How To Determine A Protein Stability Assay

Updated on October 8, 2020

Whenever you’re looking at an immunoassay, you should know that proteins end up playing a vital role. The reason for this is due to them behaving as an antigen that assay developers can then use to figure out if a disease is present in the person who was tested. To make sure that accurate results are achieved, the proteins must maintain their original form and be preserved. This is the main reason why it is imperative that protein stability is preserved. 

Why Maintaining A Stable Protein Assay Is Important

A protein must be stabilized to ensure that a long amount of time can go by and the test will still end up yielding accurate results. Assay developers also don’t want for their reagents to be blocked, which would cause the proteins to interfere with one another and it would make the proteins overly sensitive to the test at hand. 

Assay developers also need for the protein to remain stable so that an in-solution application can take place. Something known as “conjugate stabilizers” will be able to help retain the form of the enzyme that is on the protein along with the antigens or antibodies. 

To learn how the stability of proteins can be hurt, continue reading below! 

Items That Can Damage A Protein’s Stability

Overall, outside environmental factors are the main item that can hurt the foundation of a protein and damage the protein’s stability. Some of these environmental factors include:

  • Temperature
  • The presence of salts
  • PH levels
  • Metal Ions
  • Other contaminants

To ensure that the protein will maintain its stability, it is important for them to be stored either in some kind of dry form or in a solution. If they’re being stored dry, they must be dried out and frozen in the proper format. If this is done incorrectly, then the drying and freezing process ends up damaging the protein’s stability. Proper handling must be followed during the preparation, storage, and handling stages. 

By the same token, it’s important that a protein is stored in the proper kind of solution for the antibodies it holds. Each protein will have a specific solution that works best for it to be stored in. The amount of time that the protein will be stored in a specific solution will also affect which solution it should be kept in. Some solutions are cheaper, but will tear down the stability of the protein more quickly than a protein that is more expensive, but higher quality. You’ll want to double check the amount of time that the protein will have to be stored before placing it into a solution.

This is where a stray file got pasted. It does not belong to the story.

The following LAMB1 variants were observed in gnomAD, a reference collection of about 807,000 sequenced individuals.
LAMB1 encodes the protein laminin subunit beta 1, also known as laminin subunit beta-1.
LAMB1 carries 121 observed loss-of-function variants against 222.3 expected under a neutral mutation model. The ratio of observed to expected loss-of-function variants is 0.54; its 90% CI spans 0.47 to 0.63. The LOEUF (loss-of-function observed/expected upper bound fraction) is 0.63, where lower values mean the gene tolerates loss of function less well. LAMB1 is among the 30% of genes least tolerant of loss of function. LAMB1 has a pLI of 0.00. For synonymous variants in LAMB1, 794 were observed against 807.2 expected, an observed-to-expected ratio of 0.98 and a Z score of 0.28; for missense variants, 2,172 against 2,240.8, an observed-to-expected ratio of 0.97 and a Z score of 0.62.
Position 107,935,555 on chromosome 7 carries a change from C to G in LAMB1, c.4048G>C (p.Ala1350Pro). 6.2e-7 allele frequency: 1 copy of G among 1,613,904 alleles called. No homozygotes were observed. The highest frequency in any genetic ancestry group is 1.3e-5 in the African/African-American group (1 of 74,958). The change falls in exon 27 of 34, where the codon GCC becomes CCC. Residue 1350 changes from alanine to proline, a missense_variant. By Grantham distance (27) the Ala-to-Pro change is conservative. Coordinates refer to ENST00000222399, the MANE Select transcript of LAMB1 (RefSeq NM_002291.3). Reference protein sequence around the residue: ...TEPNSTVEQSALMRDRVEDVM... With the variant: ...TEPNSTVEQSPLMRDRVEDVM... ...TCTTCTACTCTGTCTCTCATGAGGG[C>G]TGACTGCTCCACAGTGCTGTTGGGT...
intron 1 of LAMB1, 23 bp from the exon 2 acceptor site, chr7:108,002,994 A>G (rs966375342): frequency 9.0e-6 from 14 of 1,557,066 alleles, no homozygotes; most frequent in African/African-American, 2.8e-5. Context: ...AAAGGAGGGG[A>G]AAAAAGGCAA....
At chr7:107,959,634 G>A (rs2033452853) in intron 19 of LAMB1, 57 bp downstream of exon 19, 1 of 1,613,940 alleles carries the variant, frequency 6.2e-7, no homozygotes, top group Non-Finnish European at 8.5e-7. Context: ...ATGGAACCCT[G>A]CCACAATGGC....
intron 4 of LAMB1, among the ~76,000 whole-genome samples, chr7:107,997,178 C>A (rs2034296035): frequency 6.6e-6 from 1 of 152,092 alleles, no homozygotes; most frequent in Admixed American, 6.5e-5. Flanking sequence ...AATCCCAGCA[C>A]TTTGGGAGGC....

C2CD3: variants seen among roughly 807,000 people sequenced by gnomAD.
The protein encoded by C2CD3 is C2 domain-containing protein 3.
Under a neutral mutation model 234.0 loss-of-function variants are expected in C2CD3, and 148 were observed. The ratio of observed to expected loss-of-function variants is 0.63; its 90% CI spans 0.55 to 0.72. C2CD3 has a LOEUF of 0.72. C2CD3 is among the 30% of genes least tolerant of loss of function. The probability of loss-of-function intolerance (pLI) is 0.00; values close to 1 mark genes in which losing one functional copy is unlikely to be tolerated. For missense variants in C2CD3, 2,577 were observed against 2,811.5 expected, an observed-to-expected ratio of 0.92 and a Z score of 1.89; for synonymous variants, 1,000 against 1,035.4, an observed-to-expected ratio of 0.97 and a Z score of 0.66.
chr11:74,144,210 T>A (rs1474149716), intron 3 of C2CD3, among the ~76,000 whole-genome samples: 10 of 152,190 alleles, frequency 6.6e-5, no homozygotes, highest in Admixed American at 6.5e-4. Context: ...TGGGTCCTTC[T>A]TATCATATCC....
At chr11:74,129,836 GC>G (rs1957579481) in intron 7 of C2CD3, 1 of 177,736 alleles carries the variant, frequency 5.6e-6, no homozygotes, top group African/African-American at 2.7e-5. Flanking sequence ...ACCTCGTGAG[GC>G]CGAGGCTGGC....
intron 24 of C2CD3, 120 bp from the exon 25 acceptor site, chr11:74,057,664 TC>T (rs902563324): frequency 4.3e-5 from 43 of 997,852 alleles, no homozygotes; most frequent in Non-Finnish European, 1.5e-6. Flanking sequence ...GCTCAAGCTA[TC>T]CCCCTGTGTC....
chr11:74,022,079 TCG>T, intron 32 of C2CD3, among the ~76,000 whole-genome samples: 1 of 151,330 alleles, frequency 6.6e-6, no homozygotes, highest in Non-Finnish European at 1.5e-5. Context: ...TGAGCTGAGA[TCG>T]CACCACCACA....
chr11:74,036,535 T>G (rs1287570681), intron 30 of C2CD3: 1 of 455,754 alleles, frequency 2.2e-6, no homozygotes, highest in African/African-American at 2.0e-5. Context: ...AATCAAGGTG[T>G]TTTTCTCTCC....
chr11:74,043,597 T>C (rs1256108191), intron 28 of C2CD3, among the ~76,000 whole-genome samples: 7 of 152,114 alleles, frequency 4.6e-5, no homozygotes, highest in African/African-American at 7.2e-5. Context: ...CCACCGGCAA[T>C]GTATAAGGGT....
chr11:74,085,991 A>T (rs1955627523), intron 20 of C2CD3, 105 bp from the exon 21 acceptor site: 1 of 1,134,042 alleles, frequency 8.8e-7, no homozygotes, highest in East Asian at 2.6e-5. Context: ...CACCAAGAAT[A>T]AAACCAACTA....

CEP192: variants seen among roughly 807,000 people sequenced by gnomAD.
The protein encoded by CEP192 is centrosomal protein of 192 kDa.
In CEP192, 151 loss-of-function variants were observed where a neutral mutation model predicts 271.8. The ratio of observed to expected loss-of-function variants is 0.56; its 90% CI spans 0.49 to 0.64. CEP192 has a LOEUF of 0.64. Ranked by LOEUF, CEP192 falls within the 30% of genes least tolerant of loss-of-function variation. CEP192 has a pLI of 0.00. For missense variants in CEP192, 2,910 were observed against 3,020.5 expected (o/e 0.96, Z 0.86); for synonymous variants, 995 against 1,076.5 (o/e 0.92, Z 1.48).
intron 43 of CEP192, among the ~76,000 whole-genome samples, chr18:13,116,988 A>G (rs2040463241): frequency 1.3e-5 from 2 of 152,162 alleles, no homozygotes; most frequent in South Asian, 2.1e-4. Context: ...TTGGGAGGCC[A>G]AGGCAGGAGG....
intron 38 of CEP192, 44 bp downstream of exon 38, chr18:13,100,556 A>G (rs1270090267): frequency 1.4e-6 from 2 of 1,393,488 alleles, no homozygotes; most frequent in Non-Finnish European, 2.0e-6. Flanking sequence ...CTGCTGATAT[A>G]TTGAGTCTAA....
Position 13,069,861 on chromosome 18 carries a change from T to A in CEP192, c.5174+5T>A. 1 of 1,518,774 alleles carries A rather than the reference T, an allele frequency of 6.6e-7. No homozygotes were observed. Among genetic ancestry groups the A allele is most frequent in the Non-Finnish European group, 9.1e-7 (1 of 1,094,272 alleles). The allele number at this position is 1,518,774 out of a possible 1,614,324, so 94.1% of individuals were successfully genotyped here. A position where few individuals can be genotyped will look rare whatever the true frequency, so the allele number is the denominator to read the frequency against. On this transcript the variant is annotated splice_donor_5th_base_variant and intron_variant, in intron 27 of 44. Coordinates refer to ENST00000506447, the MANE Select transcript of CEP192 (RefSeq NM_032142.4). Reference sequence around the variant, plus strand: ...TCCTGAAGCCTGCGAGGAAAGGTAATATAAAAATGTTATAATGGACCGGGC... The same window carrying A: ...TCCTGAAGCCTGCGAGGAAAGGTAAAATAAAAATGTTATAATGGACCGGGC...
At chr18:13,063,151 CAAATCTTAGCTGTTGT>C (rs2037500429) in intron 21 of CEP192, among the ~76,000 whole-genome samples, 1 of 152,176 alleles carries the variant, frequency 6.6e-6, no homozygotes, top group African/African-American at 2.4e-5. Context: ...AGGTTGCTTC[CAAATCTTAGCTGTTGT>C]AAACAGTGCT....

The processes laid out above are important because if the drying process is done incorrectly, or if the protein is placed into the wrong solution, then the protein will become useless. The antibody agent’s will deteriorate and the protein’s stability will start to fall apart. If this happens, then no test results will be able to be derived from the protein. 

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The Editorial Team at Healthcare Business Today is made up of skilled healthcare writers and experts, led by our managing editor, Daniel Casciato, who has over 25 years of experience in healthcare writing. Since 1998, we have produced compelling and informative content for numerous publications, establishing ourselves as a trusted resource for health and wellness information. We offer readers access to fresh health, medicine, science, and technology developments and the latest in patient news, emphasizing how these developments affect our lives.